The final performance is the translation of abstract processes into educational opportunities at two scales; the physical project in the campus and the process of its design. The first demonstrates the integrated approach as a didactic structure. Through a series of graphic displays, occupants will be greeted with infographics about the shelters systems, design concepts, bus location, weather, power generation, and water collection which all translate the shelter and its context into disseminable knowledge [Figure 14]. The second is developed in an abstract exercise in the design studio. This expansion of project goals adds value to the solution and proposes additional definitions of “performance,” where the shelter operates on multiple levels both measurable and immeasurable.3
Like the shelter and site, academia and practice are a distinct but conjoined pair. My research into design pedagogy attempts to bridge the gap between academia and practice while maintaining critical distinctions to address where they are not the same. These two realms are developed in a reflexive way so that each informs the other, establishing continuity and allowing space to seek out new and productive gaps. Secondary areas of research tested via pedagogy are: design process, digital workflows, definitions of performance, formal acumen, poché, complexity, adaptive strategies, aesthetics, error (in both process and production4), glitch, scalar oscillations, intuition, rationalization, critical thinking, integrated practice, and contemporary methods of fabrication. These issues are introduced and tested in my architectural design studios through an exercise titled “Disruptive Continuity,” forming the foundation of each studio’s broader research project [Figures 15 & 16].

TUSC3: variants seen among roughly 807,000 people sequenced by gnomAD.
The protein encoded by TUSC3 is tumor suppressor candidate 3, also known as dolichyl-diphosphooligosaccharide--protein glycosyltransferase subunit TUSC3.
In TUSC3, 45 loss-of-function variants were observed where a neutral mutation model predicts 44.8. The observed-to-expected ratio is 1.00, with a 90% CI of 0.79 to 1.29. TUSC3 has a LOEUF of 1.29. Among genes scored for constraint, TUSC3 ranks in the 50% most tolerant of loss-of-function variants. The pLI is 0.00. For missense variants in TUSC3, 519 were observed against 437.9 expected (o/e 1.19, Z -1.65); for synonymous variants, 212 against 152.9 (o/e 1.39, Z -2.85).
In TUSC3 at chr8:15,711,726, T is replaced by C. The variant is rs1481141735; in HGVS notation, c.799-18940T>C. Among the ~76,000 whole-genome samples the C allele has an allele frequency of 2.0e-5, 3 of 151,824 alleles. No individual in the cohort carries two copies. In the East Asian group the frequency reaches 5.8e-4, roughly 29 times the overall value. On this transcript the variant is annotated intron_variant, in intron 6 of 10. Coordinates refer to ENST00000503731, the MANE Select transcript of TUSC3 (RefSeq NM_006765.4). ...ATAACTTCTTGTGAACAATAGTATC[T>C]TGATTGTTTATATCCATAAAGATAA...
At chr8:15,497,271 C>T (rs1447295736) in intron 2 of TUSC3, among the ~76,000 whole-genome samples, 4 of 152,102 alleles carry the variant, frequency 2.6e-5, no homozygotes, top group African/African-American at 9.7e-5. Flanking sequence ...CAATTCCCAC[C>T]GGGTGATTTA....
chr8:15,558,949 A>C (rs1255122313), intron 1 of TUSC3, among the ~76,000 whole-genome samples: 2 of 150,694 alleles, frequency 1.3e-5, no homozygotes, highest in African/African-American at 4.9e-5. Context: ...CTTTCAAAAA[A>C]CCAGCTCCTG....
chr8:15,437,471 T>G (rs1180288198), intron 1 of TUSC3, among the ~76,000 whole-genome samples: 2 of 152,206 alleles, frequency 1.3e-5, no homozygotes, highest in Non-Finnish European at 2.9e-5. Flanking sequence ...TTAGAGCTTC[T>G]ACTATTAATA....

The exercise encourages students to develop abstract formal/spatial intelligence and an open-ended design process to resolve increasingly complex problems. While the exercise determines an initial, type-based formal language to increase speed, the focus of the exercise is less about the visual result and more about introducing decision-making within a complex, abstract field of interactions where students learn that they are in control of interactions across scales, but where neither constrains the other. Form is now understood typologically and operationally, allowing students to resolve issues with precision while the process remains open and flexible, adapting to errors and opportunities. These problems simulate the complexity of contemporary architectural practice and hone decision-making skills that seek out win-win (a.k.a. positive-sum or plus-sum) solutions to complex problems.